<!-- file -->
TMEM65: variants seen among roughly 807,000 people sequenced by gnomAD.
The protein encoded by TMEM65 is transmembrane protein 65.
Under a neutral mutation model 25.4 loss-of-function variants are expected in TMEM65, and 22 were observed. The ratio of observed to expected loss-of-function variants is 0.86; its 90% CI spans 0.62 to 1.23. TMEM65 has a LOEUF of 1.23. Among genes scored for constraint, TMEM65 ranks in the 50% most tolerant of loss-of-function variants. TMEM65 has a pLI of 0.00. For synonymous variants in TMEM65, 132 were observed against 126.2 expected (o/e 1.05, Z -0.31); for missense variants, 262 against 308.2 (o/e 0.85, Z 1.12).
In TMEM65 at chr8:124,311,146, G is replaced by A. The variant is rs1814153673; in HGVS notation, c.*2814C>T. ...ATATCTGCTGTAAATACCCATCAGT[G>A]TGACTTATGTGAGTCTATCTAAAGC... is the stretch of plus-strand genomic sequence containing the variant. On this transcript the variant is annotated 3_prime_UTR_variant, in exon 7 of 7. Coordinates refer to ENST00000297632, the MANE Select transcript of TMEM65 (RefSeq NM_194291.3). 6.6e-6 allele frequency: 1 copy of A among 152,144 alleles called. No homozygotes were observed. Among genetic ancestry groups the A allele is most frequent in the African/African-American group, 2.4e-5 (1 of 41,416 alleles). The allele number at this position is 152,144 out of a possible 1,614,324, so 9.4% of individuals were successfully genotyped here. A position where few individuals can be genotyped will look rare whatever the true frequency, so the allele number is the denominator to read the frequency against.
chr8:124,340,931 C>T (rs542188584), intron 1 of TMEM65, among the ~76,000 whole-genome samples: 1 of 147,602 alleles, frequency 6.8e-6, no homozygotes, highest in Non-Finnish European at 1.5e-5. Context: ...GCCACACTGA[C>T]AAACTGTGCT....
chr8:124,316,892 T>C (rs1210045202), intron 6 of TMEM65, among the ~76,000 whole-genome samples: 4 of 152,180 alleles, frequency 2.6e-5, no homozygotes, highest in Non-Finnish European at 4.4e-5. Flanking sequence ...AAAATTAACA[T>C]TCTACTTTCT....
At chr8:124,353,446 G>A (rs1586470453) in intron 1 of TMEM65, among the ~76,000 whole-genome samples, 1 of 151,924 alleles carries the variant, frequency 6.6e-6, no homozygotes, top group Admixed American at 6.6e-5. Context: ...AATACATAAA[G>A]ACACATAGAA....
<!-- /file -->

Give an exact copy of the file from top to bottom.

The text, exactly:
TMEM65: variants seen among roughly 807,000 people sequenced by gnomAD.
The protein encoded by TMEM65 is transmembrane protein 65.
Under a neutral mutation model 25.4 loss-of-function variants are expected in TMEM65, and 22 were observed. The ratio of observed to expected loss-of-function variants is 0.86; its 90% CI spans 0.62 to 1.23. TMEM65 has a LOEUF of 1.23. Among genes scored for constraint, TMEM65 ranks in the 50% most tolerant of loss-of-function variants. TMEM65 has a pLI of 0.00. For synonymous variants in TMEM65, 132 were observed against 126.2 expected (o/e 1.05, Z -0.31); for missense variants, 262 against 308.2 (o/e 0.85, Z 1.12).
In TMEM65 at chr8:124,311,146, G is replaced by A. The variant is rs1814153673; in HGVS notation, c.*2814C>T. ...ATATCTGCTGTAAATACCCATCAGT[G>A]TGACTTATGTGAGTCTATCTAAAGC... is the stretch of plus-strand genomic sequence containing the variant. On this transcript the variant is annotated 3_prime_UTR_variant, in exon 7 of 7. Coordinates refer to ENST00000297632, the MANE Select transcript of TMEM65 (RefSeq NM_194291.3). 6.6e-6 allele frequency: 1 copy of A among 152,144 alleles called. No homozygotes were observed. Among genetic ancestry groups the A allele is most frequent in the African/African-American group, 2.4e-5 (1 of 41,416 alleles). The allele number at this position is 152,144 out of a possible 1,614,324, so 9.4% of individuals were successfully genotyped here. A position where few individuals can be genotyped will look rare whatever the true frequency, so the allele number is the denominator to read the frequency against.
chr8:124,340,931 C>T (rs542188584), intron 1 of TMEM65, among the ~76,000 whole-genome samples: 1 of 147,602 alleles, frequency 6.8e-6, no homozygotes, highest in Non-Finnish European at 1.5e-5. Context: ...GCCACACTGA[C>T]AAACTGTGCT....
chr8:124,316,892 T>C (rs1210045202), intron 6 of TMEM65, among the ~76,000 whole-genome samples: 4 of 152,180 alleles, frequency 2.6e-5, no homozygotes, highest in Non-Finnish European at 4.4e-5. Flanking sequence ...AAAATTAACA[T>C]TCTACTTTCT....
At chr8:124,353,446 G>A (rs1586470453) in intron 1 of TMEM65, among the ~76,000 whole-genome samples, 1 of 151,924 alleles carries the variant, frequency 6.6e-6, no homozygotes, top group Admixed American at 6.6e-5. Context: ...AATACATAAA[G>A]ACACATAGAA....